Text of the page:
Suspiria (1977)

Ever since Juno raved about Dario Argento, I have been dying to see Suspiria. It’s been at the top of my watch list for years. With the remake coming out, I knew there had to be a theater somewhere in the area showing the original. I was right. Thank you Arclight Hollywood.

A young ballerina goes to a new school in Europe and weird things start happening there. That’s the basic premise. It’s pretty simple. What’s not simple is the elements of terror.

This film is a full assault on the senses, hearing in particular. As soon as the film started, there was this intensely creepy score, blasting at full volume. That alone was unsettling. As the film went on, the score would be layered with other sounds. It started with some everyday sound effects that were heightened to a new level of horror, but as it progressed, it started adding weird voices and dissonance. Yup, getting scared now.

It’s also a visual assult. The colors are so bright and jarring. Then there’s the blood. A gore fiend like me loved the thick and lush red flowing everywhere. Even without the blood, the imagery was just disturbing.

Truly, this is a horror masterpiece on so many levels. It was worth waiting for to get to see it in full scale on the big screen. There were certainly moments where I felt terror, which is a rarity for me.


I remember the first time I saw Little Miss Sunshine, I was particularly struck by Paul Dano. In a film full of such big characters, his seemingly small one was so moving. I’ve followed his career ever since, and now it’s gone behind the camera as he makes his directorial debut with Wildlife.

Set in the 1960’s (my favorite era), Wildlife follows the dissolution of a marriage (mom and dad played by Carey Mulligan and Jake Gyllenhaal) as seen thru the eyes of their son Joe (Ed Oxenbould). What starts off as a strong nuclear family, falls apart as Jake’s Jerry loses his job and eventually leaves to be a fire fighter in the Montana wilderness. Mother Jeanette is left to her own devices to care for her teenage son and reclaim some semblance of her life.

I was into it at first. Again, I love the 60’s and there was great attention to detail of the era. The happy family was heartwarming to watch. Then the tension came. I still loved the scenes where the family was together, the way our leads played off each other and where the story went. Then Jake’s character went away, and Carey’s got more and more unlikable as it went on. It got so uncomfortable (again, this is all told from the teenage son’s perspective) that I almost couldn’t watch anymore. It was dull and depressing. It got back on track towards the end, but by then my mind had already wandered beyond return, thinking about the lunch I was planning to order from the nearby vegan restaurant I love.

Now, while I say that Carey’s character is unlikeable, that’s not a statement against her performance. If anything, it’s a statement for it. She was incredible, in what is possibly her best performance since An Education. So many levels and such intensity. I love how she’s an actress out of her time, like she was born in this time specifically to be in films about different eras.

I don’t know that this film was quite for me, but it was exquisitely put together. I’m at least happy to have seen Carey’s performance.

Wildlife – \m/ \m/ \n

Can You Ever Forgive Me

I adore Melissa McCarthy. I think she is incredibly funny and has an uncanny ability to completely lose herself in a role. The problem is, I haven’t been too crazy about the roles she’s chosen. Most of them are too over the top (dare I say kinda annoying?), or she’ll go to the other end of the spectrum, and hold back too much. With Can You Ever Forgive Me, she may have finally found that perfectly balanced role.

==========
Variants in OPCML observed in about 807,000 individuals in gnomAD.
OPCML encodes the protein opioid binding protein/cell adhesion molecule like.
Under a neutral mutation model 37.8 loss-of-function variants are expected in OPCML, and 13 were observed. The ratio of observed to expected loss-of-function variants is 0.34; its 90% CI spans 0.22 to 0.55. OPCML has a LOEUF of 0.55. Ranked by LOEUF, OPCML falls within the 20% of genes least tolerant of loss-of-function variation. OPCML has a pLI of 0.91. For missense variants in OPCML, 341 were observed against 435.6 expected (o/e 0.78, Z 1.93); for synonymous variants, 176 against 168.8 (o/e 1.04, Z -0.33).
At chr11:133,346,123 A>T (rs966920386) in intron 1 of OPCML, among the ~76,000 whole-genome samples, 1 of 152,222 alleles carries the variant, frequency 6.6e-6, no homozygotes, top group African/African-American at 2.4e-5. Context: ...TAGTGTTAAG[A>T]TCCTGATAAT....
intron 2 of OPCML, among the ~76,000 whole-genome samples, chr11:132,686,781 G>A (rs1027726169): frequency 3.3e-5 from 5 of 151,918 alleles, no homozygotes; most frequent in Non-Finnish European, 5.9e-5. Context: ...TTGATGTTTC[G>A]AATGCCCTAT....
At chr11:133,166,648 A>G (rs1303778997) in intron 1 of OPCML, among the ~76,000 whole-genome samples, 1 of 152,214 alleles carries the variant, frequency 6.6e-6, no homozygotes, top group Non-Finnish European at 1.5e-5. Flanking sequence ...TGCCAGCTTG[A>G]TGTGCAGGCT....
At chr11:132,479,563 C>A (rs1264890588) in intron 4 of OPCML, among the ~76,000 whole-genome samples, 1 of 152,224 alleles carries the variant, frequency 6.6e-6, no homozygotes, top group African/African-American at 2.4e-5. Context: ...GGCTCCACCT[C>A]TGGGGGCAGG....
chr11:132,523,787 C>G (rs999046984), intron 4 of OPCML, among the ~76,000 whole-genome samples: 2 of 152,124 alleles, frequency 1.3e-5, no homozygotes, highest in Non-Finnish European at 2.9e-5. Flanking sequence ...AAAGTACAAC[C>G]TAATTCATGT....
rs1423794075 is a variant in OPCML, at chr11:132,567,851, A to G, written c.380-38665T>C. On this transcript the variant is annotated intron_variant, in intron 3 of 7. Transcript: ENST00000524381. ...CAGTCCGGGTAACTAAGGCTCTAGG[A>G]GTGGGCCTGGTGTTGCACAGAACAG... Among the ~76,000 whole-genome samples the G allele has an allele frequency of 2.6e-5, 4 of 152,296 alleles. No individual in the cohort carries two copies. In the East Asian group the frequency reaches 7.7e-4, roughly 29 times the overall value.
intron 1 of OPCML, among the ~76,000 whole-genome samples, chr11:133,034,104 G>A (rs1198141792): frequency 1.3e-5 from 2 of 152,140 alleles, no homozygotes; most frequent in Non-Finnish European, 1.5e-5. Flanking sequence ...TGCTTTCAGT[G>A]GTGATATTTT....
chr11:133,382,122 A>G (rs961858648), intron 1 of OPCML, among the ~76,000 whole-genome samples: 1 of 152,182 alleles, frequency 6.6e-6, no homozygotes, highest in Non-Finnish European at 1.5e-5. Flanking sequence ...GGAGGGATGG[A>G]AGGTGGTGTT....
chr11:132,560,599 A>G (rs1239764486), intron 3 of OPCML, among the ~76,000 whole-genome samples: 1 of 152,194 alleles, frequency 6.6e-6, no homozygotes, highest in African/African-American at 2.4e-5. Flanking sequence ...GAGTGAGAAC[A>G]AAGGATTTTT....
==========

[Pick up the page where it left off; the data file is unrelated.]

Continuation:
McCarthy plays real life author Lee Israel. Though once an acclaimed author, her work and reputation have dried up, and she’s left in a state of desperation. Using her skills as a biographer, able to get into the mindset of her subjects, she begins forging letters written by the likes of Fanny Brice, Noel Coward, and Dorothy Parker.

I realized while watching this, that I think I enjoy biopics more when I don’t know the subject. There’s less expectations, and it’s all discovery. If someone who isn’t famous enough that their story is known, you can be damn sure their story is interesting if it’s made it into a film. I was enthralled by every single second of this story (which is not something I can say about First Man, the most recent super famous person biopic I’ve seen). It wasn’t just that I wanted to know how the story played out. I was captivated by Lee.

Being captivated by Lee is something that I completely attribute to McCarthy’s performance. Lee Israel is not a very good person, and not someone you should like. But McCarthy infused her with such vitality and depth, you couldn’t help but feel sympathetic. Truly truly her greatest performance to date.

And it wasn’t the only great performance in the film. Her partner in crime (sometimes literally) was played by an effervescent Richard E Grant. The two played off each other beautifully, and he elevated a great film even more with his screen time.

I’m calling it now, we’ll be talking about this movie come Oscar season. Those two performances are absolutely worthy of nominations, and the adapted screenplay could potentially be in the running as well. All would be very well deserved.

Can You Ever Forgive Me? – \m/ \m/ \m/ \m/

Beautiful Boy

This has been an amazing year for movies, and we’re only starting to get into Oscar season. So many of this year’s amazing movies have been incredibly emotional/heartbreaking/overwhelming and I don’t know how much more my poor empathetic little heart can take. Still, I press on, because these films have all touched on very important subjects that need to be spotlighted. That brings us to Beautiful Boy.